Most folks have Google Analytics (GA) installed on their websites these days. It’s easy to set up, user-friendly, and free!
But as businesses grow (and run into some of the data sampling limitations of GA), it’s natural to start questioning some things:
- Is the data in GA trustworthy?
- Is GA’s channel attribution accurate?
- Am I missing events that occur on my website/app?
- Are my GA traffic numbers inflated by spam?
That’s when you start exploring alternatives to Google Analytics, and there are plenty out there. But the aim shouldn’t be to switch platforms, rather corroborate data between them.
So the short answer to “Should I Use More Than One Analytics Platform?” is: Yes, absolutely.
The long answer is more nuanced. Analytics platforms all have their pros and cons: accuracy, integrations, usability, etc. And when it comes down to it, you should also be comparing any output from your analytics tool to your server log files.
This post will attempt to help you navigate the crowded analytics platform space and try some new platforms alongside GA.
Matomo, formerly known as Piwik, has been around for a good long while. It’s one of the original Open Source analytics platforms, going back to 2007 (almost as long as Google Analytics, which started in 2005).
PROS: Users of Google Analytics won’t be very lost in the platform as many of its features mimic GA, from their segment builder to custom campaign tagging (pk_campaign vs. utm_campaign). It’s also free and unlimited, provided you can install it on your own server. Recently, Matomo has expanded to include a tag manager, similar to Google Tag Manager.
CONS: Unlike GA’s Secondary Dimension feature, which makes it easy to combine source and content combinations, Matomo reports are pretty well limited to one or the other, unless you build a grip of segments and swap them out often. Speaking of segments, you can only apply one segment at a time to any given report (where you can compare up to four at a time in GA).
Quantcast Measure is another free analytics tool that has a load of audience and demographic reporting features.
PROS: It has native support in Google Tag Manager. So all you need to do to install it is to copy your account number and paste it into GTM and publish it. Quantcast used to be a competitive analysis tool back in the day, so it excels at demographic, psychographic, and in-market interested around your site visitors, as well as benchmarking by industry.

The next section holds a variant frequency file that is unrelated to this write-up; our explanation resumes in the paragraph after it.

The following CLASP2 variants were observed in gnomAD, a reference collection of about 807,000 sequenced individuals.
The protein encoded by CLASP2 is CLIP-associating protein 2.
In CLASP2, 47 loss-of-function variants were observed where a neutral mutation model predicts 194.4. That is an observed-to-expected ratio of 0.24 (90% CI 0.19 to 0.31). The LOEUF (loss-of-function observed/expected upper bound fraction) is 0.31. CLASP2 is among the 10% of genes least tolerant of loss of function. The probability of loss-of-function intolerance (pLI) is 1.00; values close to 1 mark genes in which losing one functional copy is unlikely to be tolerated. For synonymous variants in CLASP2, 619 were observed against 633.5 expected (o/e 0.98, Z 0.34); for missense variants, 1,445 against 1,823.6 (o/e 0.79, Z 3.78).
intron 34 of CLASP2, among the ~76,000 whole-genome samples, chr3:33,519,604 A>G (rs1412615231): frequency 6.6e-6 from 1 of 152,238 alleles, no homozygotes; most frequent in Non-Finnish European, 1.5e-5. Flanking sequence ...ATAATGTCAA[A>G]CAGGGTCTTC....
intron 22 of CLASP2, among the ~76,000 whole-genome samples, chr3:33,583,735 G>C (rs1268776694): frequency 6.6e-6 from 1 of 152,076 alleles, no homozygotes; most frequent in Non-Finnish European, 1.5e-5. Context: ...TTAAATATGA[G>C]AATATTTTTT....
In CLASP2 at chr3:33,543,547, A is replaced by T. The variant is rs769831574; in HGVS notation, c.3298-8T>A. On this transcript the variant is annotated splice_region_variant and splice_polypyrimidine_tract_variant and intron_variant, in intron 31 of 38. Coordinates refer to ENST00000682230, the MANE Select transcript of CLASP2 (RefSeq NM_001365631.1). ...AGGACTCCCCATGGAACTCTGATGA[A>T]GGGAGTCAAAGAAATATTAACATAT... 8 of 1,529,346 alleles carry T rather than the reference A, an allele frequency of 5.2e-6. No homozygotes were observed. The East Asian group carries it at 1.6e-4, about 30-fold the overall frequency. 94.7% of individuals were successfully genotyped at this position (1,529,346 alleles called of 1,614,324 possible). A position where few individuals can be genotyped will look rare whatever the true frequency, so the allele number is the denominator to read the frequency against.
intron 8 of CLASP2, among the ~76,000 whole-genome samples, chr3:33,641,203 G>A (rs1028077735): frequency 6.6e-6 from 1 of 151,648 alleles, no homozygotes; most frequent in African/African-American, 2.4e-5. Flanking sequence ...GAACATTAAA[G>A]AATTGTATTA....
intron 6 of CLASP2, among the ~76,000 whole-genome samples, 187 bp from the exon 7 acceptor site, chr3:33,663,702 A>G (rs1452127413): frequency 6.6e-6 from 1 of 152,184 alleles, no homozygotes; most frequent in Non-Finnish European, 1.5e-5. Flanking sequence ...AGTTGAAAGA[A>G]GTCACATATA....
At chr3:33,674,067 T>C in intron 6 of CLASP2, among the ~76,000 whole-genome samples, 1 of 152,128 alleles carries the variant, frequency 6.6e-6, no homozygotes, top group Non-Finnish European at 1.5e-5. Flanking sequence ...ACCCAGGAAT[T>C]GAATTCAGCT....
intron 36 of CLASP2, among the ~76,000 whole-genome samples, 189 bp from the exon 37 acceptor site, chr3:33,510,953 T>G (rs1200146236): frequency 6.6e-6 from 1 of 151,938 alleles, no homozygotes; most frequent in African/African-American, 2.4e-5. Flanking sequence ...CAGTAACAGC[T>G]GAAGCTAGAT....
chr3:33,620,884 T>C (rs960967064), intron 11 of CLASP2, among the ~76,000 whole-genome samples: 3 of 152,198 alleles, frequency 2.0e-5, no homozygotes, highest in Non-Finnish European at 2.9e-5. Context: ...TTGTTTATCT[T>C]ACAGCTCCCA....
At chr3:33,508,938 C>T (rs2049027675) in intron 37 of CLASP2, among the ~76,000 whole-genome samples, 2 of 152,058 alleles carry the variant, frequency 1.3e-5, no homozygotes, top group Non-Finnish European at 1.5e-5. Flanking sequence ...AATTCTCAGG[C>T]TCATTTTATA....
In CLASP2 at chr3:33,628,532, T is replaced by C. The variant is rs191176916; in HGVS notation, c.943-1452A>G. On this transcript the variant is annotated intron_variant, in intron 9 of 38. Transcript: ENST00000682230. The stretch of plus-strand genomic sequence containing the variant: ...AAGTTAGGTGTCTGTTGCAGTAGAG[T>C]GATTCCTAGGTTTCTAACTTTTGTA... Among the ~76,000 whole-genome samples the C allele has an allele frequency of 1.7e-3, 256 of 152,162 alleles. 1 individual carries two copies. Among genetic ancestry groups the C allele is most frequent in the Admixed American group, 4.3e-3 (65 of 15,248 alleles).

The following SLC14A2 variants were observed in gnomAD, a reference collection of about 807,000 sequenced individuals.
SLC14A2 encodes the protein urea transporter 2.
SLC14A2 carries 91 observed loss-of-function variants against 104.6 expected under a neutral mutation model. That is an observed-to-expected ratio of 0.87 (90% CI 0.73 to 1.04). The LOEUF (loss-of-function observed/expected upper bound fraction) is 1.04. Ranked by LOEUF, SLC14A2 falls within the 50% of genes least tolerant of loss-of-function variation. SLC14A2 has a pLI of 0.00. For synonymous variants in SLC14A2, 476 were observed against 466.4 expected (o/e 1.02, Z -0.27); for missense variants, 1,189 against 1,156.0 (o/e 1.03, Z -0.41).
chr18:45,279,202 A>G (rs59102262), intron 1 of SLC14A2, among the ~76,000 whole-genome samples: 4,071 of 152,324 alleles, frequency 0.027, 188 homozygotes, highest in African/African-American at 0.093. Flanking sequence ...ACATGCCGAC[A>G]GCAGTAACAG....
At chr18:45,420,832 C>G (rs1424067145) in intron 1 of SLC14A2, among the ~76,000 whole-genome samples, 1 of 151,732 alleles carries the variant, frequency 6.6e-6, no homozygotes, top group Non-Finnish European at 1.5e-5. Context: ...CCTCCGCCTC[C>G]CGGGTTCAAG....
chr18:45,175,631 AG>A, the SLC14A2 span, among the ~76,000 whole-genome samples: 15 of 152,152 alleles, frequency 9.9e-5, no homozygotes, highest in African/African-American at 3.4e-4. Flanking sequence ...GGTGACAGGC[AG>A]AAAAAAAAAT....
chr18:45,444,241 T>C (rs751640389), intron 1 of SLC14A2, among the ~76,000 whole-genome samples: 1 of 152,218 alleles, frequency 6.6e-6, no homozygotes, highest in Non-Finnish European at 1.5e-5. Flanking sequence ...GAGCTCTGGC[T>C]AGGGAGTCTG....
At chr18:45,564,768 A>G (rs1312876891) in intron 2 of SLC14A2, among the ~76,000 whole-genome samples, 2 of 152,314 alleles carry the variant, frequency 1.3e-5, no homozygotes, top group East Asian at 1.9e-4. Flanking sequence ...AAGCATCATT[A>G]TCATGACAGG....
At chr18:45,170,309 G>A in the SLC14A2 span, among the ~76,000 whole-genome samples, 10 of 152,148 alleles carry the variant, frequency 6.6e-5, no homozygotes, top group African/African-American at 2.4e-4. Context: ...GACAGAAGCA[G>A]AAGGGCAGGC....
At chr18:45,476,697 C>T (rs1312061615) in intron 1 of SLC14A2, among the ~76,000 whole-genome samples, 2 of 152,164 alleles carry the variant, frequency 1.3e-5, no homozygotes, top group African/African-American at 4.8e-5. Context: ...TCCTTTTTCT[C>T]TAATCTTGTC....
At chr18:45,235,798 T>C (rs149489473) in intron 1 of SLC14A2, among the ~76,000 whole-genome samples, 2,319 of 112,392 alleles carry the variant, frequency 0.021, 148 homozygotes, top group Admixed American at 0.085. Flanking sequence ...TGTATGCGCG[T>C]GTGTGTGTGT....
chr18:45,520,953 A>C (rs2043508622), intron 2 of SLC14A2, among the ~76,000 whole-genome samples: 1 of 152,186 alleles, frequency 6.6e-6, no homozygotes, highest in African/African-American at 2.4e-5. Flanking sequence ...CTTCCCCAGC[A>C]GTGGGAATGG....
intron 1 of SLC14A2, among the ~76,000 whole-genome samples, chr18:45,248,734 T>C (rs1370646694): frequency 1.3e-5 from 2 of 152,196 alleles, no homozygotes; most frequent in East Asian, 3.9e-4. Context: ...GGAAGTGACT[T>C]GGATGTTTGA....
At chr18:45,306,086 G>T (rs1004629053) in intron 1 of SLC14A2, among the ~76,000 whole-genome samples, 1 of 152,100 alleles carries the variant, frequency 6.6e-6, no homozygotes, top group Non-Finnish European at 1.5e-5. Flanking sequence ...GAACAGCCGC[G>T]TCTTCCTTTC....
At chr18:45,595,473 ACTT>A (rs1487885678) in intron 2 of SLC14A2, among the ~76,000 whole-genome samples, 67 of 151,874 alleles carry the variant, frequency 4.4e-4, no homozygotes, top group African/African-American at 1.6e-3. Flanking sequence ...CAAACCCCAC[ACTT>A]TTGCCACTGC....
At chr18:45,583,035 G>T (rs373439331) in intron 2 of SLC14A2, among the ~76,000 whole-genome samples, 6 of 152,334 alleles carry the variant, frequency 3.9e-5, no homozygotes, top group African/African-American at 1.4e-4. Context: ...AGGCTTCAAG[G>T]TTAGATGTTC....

CONS: Quantcast’s power is in its network of sites on the internet that have Measure installed. In exchange for all the information you get out of it, you’re giving competitors and other curious parties a direct window into your site’s performance.
Amplitude is an up-and-coming event-based analytics tool capable of measuring websites, apps (iOS and Android), and games (with a specific Unity integration).
PROS: Their free package is robust and supports unlimited users, data retention, and up to 10 million hits per month. This is more than ample for any small to mid-sized startup. They also have a slick integration with Slack to share visualizations quickly among pertinent teams.
On top of that, they have a cool feature that goes beyond GA’s annotation functionality allowing you to label and set date ranges for a product release or version and see how it affects the performance of your site or app.
Here’s a look at how many tags I had to configure in GTM to get a basic understanding of how my website was working. That doesn’t include making sure the timing of the scripts was correct and that the base script was available before any events fired off.
Another hurdle to analyzing data in the tool is that there are no default dashboards that auto-populate with your events under the lens of common segments (e.g., geo, device). Charts need to be configured one-by-one and then placed into dashboards.
PROS: One reason it’s been rising in popularity is its ability to name and report on events retroactively. The workflow for this process is amazing too! You can open up a visual of the website and highlight items you want event tracking on and label them in seconds.
Another benefit to Heap is that it’s uniquely set up to identify users, which is very useful for integrating data from CRMs and other information you might have outside of the web and app analytics world.
CONS: Just obtaining a trial from Heap was a pretty byzantine process. If your company ever had one in the past and you forgot about it, be prepared to have a lengthy back and forth email chain with their support. Beyond that, their “Free” and “Startup” plans are so limited (in terms of sessions and data retention) that it forces you into Enterprise before you really understand the potential power of the tool, let alone whether your business is ready for the burden of that level of cost.
The More, the Merrier